User Tools



  • (dynamic-extent [[var* | (function fn)*]])


Valid Context

Binding Types Affected


In some containing form, F, this declaration asserts for each vari (which need not be bound by F), and for each value vij that vari takes on, and for each object xijk that is an otherwise inaccessible part of vij at any time when vij becomes the value of vari, that just after the execution of F terminates, xijk is either inaccessible (if F established a binding for vari) or still an otherwise inaccessible part of the current value of vari (if F did not establish a binding for vari).

The same relation holds for each fni, except that the bindings are in the function namespace.

The compiler is permitted to use this information in any way that is appropriate to the implementation and that does not conflict with the semantics of Common Lisp.

dynamic-extent declarations can be free declarations or bound declarations.

The vars and fns named in a dynamic-extent declaration must not refer to symbol macro or macro bindings.


Since stack allocation of the initial value entails knowing at the object's creation time that the object can be stack-allocated, it is not generally useful to make a dynamic-extent declaration for variables which have no lexically apparent initial value. For example, it is probably useful to write:

(defun f () (let ((x (list 1 2 3))) (declare (dynamic-extent x)) ...))

This would permit those compilers that wish to do so to stack allocate the list held by the local variable x. It is permissible, but in practice probably not as useful, to write:

(defun g (x) (declare (dynamic-extent x)) ...)

(defun f () (g (list 1 2 3)))

Most compilers would probably not stack allocate the argument to g in f because it would be a modularity violation for the compiler to assume facts about g from within f. Only an implementation that was willing to be responsible for recompiling f if the definition of g changed incompatibly could legitimately stack allocate the list argument to g in f.

Here is another example:

(declaim (inline g))

(defun g (x) (declare (dynamic-extent x)) ...)

(defun f () (g (list 1 2 3)))

(defun f () (flet ((g (x) (declare (dynamic-extent x)) ...)) (g (list 1 2 3))))

In the previous example, some compilers might determine that optimization was possible and others might not.

A variant of this is the so-called "stack allocated rest list" that can be achieved (in implementations supporting the optimization) by:

(defun f (&rest x) (declare (dynamic-extent x)) ...)

Note that although the initial value of x is not explicit, the f function is responsible for assembling the list x from the passed arguments, so the f function can be optimized by the compiler to construct a stack-allocated list instead of a heap-allocated list in implementations that support such.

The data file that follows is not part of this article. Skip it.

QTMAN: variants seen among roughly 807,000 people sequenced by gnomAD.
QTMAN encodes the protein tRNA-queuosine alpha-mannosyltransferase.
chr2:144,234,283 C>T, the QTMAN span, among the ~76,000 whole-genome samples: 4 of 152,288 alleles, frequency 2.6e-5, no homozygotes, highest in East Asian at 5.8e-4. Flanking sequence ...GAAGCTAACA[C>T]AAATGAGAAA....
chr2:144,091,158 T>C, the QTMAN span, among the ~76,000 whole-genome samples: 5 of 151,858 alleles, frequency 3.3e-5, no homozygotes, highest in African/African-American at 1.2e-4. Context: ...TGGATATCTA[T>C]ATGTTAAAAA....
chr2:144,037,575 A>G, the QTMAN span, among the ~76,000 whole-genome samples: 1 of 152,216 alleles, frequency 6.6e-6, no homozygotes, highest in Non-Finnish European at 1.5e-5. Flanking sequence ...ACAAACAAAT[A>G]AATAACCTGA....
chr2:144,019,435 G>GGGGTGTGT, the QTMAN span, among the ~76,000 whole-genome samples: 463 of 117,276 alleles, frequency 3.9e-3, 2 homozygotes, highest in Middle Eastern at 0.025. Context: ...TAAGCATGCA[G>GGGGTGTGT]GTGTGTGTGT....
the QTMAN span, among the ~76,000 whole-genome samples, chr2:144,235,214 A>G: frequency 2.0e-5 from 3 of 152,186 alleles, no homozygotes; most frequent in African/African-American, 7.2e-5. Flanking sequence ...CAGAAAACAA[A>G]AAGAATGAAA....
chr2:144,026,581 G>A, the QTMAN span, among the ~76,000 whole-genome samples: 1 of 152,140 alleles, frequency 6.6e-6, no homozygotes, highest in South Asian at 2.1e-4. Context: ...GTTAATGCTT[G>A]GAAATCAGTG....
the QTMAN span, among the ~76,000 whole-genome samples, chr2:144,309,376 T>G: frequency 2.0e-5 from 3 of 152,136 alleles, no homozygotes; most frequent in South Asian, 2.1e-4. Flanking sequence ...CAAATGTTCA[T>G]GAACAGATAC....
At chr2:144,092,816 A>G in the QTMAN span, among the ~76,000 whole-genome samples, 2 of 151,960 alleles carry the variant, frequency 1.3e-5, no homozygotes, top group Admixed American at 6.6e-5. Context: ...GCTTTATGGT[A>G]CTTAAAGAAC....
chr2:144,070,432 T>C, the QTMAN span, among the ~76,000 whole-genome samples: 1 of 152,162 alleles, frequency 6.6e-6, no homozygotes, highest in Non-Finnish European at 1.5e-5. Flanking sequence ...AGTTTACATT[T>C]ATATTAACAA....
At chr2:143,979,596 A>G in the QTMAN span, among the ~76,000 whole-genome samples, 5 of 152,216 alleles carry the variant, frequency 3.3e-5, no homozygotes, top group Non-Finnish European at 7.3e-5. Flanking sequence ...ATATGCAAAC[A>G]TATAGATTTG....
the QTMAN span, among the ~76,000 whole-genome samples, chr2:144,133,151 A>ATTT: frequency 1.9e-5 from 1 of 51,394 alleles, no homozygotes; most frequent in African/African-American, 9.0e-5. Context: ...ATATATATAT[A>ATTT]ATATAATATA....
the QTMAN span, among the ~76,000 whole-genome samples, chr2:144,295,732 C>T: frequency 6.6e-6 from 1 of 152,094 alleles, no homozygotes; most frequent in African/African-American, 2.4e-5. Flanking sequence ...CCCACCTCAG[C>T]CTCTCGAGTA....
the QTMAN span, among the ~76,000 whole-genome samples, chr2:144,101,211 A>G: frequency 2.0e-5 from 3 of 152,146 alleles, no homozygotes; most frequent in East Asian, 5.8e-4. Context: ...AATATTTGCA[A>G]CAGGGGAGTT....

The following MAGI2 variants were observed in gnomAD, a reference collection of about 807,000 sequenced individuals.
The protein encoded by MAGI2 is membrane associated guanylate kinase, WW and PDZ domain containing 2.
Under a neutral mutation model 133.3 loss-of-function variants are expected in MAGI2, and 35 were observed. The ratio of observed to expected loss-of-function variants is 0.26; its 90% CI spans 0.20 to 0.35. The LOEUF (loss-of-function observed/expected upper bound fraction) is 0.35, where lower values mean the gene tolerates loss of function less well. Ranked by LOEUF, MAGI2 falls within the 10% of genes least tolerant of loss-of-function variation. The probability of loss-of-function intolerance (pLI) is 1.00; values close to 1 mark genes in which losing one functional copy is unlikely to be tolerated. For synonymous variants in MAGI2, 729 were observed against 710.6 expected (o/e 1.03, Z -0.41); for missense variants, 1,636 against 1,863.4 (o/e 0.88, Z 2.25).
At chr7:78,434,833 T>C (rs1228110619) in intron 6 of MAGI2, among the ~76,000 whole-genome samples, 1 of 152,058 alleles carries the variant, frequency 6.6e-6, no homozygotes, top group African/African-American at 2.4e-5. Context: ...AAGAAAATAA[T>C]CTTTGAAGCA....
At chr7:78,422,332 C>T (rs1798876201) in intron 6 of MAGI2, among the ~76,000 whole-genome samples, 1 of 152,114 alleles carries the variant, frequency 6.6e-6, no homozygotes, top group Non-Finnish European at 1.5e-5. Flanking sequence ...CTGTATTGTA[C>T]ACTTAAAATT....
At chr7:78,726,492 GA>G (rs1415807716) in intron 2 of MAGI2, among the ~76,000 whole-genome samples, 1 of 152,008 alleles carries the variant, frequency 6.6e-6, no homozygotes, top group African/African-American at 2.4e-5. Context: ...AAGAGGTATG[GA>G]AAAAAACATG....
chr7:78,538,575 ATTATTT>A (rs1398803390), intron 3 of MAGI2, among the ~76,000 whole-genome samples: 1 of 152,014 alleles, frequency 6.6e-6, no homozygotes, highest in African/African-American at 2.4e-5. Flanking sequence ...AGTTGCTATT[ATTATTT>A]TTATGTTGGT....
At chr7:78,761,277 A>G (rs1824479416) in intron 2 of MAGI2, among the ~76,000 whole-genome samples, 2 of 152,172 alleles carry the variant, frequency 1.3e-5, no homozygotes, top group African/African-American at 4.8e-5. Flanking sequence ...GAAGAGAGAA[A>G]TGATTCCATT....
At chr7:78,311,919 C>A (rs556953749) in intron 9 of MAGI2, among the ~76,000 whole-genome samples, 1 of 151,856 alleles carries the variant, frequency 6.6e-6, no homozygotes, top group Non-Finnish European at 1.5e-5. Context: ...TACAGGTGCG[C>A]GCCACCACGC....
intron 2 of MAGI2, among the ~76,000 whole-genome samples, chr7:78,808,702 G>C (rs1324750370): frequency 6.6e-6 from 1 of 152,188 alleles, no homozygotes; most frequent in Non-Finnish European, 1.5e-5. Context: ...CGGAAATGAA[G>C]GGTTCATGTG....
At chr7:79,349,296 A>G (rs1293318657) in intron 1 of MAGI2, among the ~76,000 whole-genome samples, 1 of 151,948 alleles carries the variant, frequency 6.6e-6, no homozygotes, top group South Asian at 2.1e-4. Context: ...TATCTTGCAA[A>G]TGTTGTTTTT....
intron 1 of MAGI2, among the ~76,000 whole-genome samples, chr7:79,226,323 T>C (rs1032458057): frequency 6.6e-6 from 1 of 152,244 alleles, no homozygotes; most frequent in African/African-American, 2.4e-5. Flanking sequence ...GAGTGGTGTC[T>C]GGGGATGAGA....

In the following example,

(let ((x (list 'a1 'b1 'c1)) (y (cons 'a2 (cons 'b2 (cons 'c2 nil))))) (declare (dynamic-extent x y)) ...)

The otherwise inaccessible parts of x are three conses, and the otherwise inaccessible parts of y are three other conses. None of the symbols a1, b1, c1, a2, b2, c2, or nil is an otherwise inaccessible part of x or y because each is interned and hence accessible by the package (or packages) in which it is interned. However, if a freshly allocated uninterned symbol had been used, it would have been an otherwise inaccessible part of the list which contained it.

;;; In this example, the implementation is permitted to stack-allocate the list ;;; that is bound to X. (let ((x (list 1 2 3))) (declare (dynamic-extent x)) (print x) :done)

(1 2 3)


;;; In this example, the list to be bound to L can be stack-allocated. (defun zap (x y z) (do ((l (list x y z) (cdr l))) ((null l)) (declare (dynamic-extent l)) (prin1 (car l))))


(zap 1 2 3)



;;; Some implementations might open-code LIST-ALL-PACKAGES in a way that permits ;;; using stack-allocation of the list to be bound to L. (do ((l (list-all-packages) (cdr l))) ((null l)) (declare (dynamic-extent l)) (let ((name (package-name (car l)))) (when (search "COMMON-LISP" name) (print name))))



;;; Some implementations might have the ability to stack allocate rest lists. ;;; A declaration such as the following should be a cue to such implementations ;;; that stack-allocation of the rest list would be desirable. (defun add (&rest x) (declare (dynamic-extent x)) (apply #'+ x))


(add 1 2 3)


(defun zap (n m) "Computes (RANDOM (+ M 1)) at relative speed of roughly O(N). It may be slow, but with a good compiler at least it doesn't waste much heap storage. :-}" (let ((a (make-array n))) (declare (dynamic-extent a)) (dotimes (i n) (declare (dynamic-extent i)) (setf (aref a i) (random (1+ i)))) (aref a m)))


(< (zap 5 3) 3)


The following are in error, since the value of x is used outside of its extent:

(length (list (let ((x (list 1 2 3))) ; invalid (declare (dynamic-extent x)) x)))

(progn (let ((x (list 1 2 3))) ; invalid (declare (dynamic-extent x)) x) nil)

See Also


The most common optimization is to stack allocate the initial value of the objects named by the vars.

It is permissible for an implementation to simply ignore this declaration.